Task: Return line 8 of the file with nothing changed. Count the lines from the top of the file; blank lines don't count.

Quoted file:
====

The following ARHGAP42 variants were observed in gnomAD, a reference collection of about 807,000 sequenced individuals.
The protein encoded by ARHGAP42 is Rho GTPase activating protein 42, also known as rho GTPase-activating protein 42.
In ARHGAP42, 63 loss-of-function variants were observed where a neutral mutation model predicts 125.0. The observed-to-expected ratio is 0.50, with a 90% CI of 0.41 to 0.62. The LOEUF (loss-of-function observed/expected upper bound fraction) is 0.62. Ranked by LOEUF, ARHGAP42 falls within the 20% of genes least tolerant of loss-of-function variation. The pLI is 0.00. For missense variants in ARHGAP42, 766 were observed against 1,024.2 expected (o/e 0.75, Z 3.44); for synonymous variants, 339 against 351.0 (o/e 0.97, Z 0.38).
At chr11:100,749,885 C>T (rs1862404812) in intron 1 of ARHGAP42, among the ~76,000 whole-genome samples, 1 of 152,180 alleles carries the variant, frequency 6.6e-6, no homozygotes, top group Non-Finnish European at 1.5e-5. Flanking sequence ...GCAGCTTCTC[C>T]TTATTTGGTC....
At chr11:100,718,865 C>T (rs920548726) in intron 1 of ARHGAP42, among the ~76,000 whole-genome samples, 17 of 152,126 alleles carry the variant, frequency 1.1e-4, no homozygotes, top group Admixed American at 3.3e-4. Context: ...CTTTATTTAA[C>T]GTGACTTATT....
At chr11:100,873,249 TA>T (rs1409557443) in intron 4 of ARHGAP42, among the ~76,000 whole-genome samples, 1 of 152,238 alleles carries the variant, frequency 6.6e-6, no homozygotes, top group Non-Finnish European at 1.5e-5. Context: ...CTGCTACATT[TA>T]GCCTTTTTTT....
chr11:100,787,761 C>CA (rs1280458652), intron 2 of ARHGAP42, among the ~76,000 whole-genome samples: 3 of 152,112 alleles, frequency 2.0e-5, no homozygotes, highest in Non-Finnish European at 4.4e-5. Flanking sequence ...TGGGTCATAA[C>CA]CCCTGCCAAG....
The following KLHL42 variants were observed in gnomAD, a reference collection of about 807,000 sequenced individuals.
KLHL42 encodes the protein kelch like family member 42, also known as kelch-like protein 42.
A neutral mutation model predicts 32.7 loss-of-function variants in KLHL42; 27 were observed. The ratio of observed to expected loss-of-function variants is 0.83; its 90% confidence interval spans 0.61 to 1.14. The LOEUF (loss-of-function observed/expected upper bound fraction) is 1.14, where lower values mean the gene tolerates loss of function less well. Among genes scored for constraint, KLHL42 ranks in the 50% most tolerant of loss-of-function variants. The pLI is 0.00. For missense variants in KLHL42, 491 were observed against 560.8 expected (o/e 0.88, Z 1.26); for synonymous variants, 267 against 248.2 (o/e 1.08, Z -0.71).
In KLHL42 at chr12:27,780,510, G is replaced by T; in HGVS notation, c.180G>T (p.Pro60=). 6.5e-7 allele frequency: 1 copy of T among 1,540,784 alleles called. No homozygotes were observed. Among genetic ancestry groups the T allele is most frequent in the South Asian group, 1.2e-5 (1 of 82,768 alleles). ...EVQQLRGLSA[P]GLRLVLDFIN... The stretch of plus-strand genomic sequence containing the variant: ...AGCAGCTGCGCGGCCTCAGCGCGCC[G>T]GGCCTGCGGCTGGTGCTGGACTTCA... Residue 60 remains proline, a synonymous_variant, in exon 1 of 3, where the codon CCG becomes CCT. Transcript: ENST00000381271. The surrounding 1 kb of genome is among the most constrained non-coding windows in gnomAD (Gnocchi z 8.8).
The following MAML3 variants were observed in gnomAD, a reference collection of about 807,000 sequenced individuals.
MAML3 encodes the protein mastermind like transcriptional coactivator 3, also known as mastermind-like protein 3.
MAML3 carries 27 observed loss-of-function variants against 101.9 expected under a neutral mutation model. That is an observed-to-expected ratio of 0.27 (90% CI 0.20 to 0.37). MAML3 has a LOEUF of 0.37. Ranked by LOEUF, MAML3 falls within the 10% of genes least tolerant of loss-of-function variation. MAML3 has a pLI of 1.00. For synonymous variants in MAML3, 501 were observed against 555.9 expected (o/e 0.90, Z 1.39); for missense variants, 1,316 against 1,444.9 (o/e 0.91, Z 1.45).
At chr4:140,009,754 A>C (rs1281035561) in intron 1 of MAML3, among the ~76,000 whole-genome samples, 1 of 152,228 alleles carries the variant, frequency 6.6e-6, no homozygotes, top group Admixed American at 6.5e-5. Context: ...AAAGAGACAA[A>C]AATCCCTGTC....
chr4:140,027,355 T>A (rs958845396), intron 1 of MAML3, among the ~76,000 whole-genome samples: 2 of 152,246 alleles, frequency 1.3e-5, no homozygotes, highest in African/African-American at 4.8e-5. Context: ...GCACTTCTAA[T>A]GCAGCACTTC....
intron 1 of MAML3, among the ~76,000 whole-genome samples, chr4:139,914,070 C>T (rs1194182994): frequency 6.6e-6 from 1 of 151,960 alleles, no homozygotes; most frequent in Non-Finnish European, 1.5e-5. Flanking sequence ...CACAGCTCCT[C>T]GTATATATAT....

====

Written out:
The following KLHL42 variants were observed in gnomAD, a reference collection of about 807,000 sequenced individuals.